Kubernetes and Container Registry

In this blog we are going to show how to set up an Azure Kubernetes Cluster, an Azure Container Registry and run a container on AKS.

I’m presuming we all know what Kubernetes is, because going into that subject will take a few extra episodes of the blog. For more information take a look at the following:

AKS Documentation
ACR Documentation

In this blog we are going to create everything from scratch to setup a new Container Registry and a Kubernetes Cluster.

We need the following items.

  • Resource group
  • Key Vault
  • Service Principle
  • Container Registry
  • Kubernetes Cluster
  • Docker image

We also need to following software installed:
if you have AZ CLI tools installed you can do this via:

az aks install-cli

otherwise it can be downloaded from:


DOCKER Desktop
Can be downloaded from https://hub.docker.com

In the code we’ll be using the newer AZ commands instead of AzureRM. The ARM templates that are used are mostly the default ones provided by Microsoft but we’ve added that creation of some default tags to it.
The ARM templates and source code for this blog can be downloaded from:

First connect to your subscription

$Cred = Get-Credential  
Connect-AzAccount -SubscriptionId "[your sub id]" -Credential $Cred

Now we set some default parameters:

$ResourceGroupName        = 'rdk-akstest'
$ResourceGroupLocation    = 'WestEurope'
$ServicePrincipalName     = 'AKSClusterDemo'
$KeyVaultName             = 'AKSKeyVaultRDK'
$ClusterName              = 'rdkakscluster'
$Owner                    = 'Rex de Koning'
$RegistrySKU              = 'Basic'
$RegistryName             = 'methosregistry'
$DockerEmail              = 'rex@methos.nl'
$AgenVMSize               = 'Standard_DS2_v2'
$KubernetesVersion        = '1.12.8'
$NetworkPlugin            = 'kubenet'
$AgentCount               = 1
$Tags =  @{ Owner="$Owner" };
$ServicePrincipalName += $ResourceGroupName

First we make sure our Resource Group exists:

#Create resource group
$resourceGroup = Get-AzResourceGroup -Name $ResourceGroupName -ErrorAction SilentlyContinue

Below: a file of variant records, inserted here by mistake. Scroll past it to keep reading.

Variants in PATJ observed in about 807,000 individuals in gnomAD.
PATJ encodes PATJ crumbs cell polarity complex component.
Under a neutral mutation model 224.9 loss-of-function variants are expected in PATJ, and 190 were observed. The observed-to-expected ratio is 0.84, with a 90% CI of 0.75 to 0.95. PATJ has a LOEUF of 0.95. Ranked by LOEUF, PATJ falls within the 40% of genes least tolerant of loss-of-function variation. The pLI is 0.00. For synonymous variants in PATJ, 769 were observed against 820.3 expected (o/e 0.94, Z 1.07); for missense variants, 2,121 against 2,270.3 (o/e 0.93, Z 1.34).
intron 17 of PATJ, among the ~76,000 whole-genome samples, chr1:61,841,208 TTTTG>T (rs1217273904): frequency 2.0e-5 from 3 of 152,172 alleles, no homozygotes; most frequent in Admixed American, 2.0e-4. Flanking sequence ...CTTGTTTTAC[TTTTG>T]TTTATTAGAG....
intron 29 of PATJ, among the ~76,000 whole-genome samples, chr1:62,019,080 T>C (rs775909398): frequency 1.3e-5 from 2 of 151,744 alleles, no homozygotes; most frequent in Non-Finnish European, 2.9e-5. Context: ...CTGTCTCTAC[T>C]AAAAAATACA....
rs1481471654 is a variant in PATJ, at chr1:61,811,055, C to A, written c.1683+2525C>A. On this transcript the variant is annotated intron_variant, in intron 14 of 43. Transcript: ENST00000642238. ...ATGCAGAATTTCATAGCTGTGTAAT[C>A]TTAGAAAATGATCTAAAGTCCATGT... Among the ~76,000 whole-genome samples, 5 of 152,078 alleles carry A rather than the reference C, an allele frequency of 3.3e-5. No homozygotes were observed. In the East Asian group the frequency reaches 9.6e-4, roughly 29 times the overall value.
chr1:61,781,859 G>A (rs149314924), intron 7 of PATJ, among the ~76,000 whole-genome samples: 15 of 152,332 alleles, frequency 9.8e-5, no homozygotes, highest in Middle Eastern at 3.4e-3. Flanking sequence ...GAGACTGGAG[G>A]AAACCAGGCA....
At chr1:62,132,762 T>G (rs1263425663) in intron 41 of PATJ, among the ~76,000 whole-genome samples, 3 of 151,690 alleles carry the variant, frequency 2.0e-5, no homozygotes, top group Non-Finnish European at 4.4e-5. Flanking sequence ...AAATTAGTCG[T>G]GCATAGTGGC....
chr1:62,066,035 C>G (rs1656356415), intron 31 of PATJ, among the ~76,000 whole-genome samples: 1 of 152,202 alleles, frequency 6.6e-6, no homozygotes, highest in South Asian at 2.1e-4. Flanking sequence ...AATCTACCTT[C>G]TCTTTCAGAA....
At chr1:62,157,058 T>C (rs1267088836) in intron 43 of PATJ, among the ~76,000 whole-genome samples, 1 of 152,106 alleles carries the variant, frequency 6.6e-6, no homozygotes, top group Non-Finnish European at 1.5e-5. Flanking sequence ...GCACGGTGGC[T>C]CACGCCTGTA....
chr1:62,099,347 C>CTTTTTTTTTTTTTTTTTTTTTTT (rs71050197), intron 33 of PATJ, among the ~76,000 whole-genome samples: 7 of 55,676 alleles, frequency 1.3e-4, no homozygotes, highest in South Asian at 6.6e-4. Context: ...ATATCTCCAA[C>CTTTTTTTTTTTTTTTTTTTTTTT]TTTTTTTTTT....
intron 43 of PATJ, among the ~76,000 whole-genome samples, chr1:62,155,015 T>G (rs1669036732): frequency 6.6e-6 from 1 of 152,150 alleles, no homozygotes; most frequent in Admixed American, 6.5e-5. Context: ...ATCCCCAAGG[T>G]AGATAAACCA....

if(!$resourceGroup) {
    New-AzResourceGroup -Name $resourceGroupName -Location $ResourceGroupLocation -Tag $Tags

After this we create our KeyVault:

$keyVault = Get-AzKeyVault -VaultName $KeyVaultName -Tag $Tags
if (!$keyVault) {
    $keyVault = New-AzKeyVault -VaultName $KeyVaultName -ResourceGroupName $ResourceGroupName -Location $ResourceGroupLocation -EnabledForTemplateDeployment -Tag $Tags

When we have the KeyVault we can create our service principle and store the data in our KeyVault.

In this demo we create a serviceprincipal without defining any fine-grained roles and/or rights. By only supplying the Displayname a serviceprinciple without any specific rights is created and an ApplicationID is generated.

$servicePrincipal = Get-AzADServicePrincipal -DisplayName $ServicePrincipalName
if (!$servicePrincipal) {
    $servicePrincipal = New-AzADServicePrincipal -DisplayName $ServicePrincipalName
    $Ptr = [System.Runtime.InteropServices.Marshal]::SecureStringToCoTaskMemUnicode($servicePrincipal.Secret)
    $result = [System.Runtime.InteropServices.Marshal]::PtrToStringUni($Ptr)
    Set-AzKeyVaultSecret -VaultName $KeyVaultName -Name $servicePrincipal.ApplicationId -SecretValue $servicePrincipal.Secret -Tag $Tags
    $ServicePrincipalSecret = $result
} else {
    $ServicePrincipalSecret = (Get-AzKeyVaultSecret -VaultName $KeyVaultName -Name $servicePrincipal.Id).SecretValueText

We can now create our Container Registry, this will also return the admin credentials that are created, and we also store those in our KeyVault:

$CRSParameters = @{
    "registryName"     = $RegistryName
    "registryLocation" = $ResourceGroupLocation
    "registrySku"      = $RegistrySKU
    "adminUserEnabled" = $true
$UserName = ""
$Password = ""
$Server = ""
$CRSDeploy = New-AzResourceGroupDeployment -Name "Deployment" -ResourceGroupName $ResourceGroupName -TemplateFile .\crs.json -TemplateParameterObject $CRSParameters #-Verbose 
$CRSDeploy.Outputs.GetEnumerator() | ForEach-Object {
    $myObject = $_
    switch($_.Key) {
        "registryUsername" { $UserName = $myObject.value.Value; break }
        "registryPassword" { $Password = $myObject.value.Value; break }
        "registryServer"   { $Server   = $myObject.value.Value; break }
        default { break }

$Password = ConvertTo-SecureString -String $Password -AsPlainText -Force